3 Travel Brands Making Waves with Authentic Guest Content
Every travel marketer knows that you need to sell the experience if you want to sell a destination or accommodation, and there is no better way to do that than through visual content. Between the aspirational landscapes, the ‘gram-worthy meals, and the just out of reach weather, travel experiences basically sell themselves.
With over 233 million photos tagged #travel on Instagram and 72 percent of people posting pictures to their social networks while traveling, user-generated content has become a trusted source for people planning their next trip.
User-generated content has become a big part of any travel company’s marketing strategy—from the planning stage, to the time spent on site, and even after the trip has concluded.
Here are 3 travel brands that use authentic guest content:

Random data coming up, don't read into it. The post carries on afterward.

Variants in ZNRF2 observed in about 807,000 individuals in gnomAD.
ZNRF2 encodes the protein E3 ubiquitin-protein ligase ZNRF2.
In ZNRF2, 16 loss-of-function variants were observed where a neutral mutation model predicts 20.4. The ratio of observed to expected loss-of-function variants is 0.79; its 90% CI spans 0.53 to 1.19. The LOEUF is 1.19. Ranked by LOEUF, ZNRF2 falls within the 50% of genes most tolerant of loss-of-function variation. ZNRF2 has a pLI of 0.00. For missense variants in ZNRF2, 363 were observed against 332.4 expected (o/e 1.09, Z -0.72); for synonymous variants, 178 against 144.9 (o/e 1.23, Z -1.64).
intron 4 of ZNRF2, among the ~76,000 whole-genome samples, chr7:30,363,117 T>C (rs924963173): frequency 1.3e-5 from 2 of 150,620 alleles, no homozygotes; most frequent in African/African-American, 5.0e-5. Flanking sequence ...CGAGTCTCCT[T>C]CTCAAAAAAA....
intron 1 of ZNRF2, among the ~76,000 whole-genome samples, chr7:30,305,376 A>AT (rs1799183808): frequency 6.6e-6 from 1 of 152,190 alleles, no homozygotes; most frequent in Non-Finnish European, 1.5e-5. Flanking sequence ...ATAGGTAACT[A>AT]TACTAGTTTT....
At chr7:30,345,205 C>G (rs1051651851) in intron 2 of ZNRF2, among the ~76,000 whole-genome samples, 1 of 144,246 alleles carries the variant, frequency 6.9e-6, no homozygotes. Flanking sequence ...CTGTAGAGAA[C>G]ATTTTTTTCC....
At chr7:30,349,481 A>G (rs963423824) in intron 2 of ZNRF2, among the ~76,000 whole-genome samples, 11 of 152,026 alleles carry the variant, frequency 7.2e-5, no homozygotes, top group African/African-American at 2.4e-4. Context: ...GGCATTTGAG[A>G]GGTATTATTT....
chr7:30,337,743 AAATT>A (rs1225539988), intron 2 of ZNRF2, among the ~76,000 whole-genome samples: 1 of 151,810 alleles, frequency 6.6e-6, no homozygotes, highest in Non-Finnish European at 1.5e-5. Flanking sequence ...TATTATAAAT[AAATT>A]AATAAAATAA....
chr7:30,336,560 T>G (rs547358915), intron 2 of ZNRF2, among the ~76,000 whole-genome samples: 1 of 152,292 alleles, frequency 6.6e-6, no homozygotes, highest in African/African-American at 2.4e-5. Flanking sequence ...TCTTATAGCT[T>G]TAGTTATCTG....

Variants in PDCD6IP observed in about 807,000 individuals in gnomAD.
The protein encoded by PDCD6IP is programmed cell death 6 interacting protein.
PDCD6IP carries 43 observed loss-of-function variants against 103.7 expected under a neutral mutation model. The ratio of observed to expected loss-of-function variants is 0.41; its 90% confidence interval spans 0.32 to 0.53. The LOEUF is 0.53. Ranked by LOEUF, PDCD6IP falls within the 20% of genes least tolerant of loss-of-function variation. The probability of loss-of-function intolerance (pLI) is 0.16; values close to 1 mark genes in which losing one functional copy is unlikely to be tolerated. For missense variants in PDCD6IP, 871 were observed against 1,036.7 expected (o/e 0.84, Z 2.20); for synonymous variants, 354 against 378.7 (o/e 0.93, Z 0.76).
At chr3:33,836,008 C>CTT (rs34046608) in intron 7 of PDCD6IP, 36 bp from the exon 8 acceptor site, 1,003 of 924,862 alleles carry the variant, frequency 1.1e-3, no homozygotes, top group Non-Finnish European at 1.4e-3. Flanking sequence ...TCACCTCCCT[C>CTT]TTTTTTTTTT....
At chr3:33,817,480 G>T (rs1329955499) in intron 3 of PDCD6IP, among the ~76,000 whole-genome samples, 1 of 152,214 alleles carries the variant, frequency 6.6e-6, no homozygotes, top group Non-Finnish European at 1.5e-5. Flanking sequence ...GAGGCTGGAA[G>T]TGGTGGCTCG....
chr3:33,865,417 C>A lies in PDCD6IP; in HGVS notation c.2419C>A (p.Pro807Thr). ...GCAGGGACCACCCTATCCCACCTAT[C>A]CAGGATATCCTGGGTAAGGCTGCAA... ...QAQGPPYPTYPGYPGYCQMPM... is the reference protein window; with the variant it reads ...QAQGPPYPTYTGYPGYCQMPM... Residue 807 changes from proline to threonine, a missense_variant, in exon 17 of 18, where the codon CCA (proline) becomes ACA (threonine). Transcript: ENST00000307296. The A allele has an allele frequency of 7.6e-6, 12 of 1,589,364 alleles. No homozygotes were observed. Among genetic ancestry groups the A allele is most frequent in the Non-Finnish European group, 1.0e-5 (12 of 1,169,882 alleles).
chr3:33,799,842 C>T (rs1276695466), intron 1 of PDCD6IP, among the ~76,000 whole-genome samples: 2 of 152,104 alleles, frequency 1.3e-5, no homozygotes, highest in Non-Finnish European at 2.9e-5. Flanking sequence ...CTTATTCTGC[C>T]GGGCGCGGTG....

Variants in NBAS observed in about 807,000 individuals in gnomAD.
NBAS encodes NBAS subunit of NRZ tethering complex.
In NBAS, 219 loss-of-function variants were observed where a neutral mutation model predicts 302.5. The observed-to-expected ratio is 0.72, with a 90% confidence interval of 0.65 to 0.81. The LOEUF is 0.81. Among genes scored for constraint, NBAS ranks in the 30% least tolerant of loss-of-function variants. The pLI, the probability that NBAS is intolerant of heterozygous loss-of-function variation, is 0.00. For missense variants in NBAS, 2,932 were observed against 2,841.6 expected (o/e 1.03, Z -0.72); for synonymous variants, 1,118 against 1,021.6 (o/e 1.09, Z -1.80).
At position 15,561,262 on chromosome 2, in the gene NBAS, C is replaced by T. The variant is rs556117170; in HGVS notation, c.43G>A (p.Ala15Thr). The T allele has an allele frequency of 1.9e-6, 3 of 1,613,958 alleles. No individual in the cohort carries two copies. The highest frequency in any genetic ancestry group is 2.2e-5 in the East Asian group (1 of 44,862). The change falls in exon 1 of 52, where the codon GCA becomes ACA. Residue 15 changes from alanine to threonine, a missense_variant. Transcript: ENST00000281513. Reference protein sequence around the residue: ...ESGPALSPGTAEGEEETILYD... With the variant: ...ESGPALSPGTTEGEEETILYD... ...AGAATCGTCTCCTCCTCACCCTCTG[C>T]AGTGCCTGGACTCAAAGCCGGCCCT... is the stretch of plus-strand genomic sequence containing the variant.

Renowned hotel brand Hyatt is a great example as to how hotel brands can stay relevant by engaging with their audience through the use of user-generated travel photos. The company launched social.hyatt.com, a place where users can upload images that feature guest experiences during their stay at any of the nearly 600 Hyatt hotels and resorts across the globe.
This unique social channel allows prospective travelers to scope out details for their next vacation, whether or not they have a specific locale in mind. The site gives users the chance to scroll through inspirational experiential filters like beaches, golf, family-friendly, and weddings.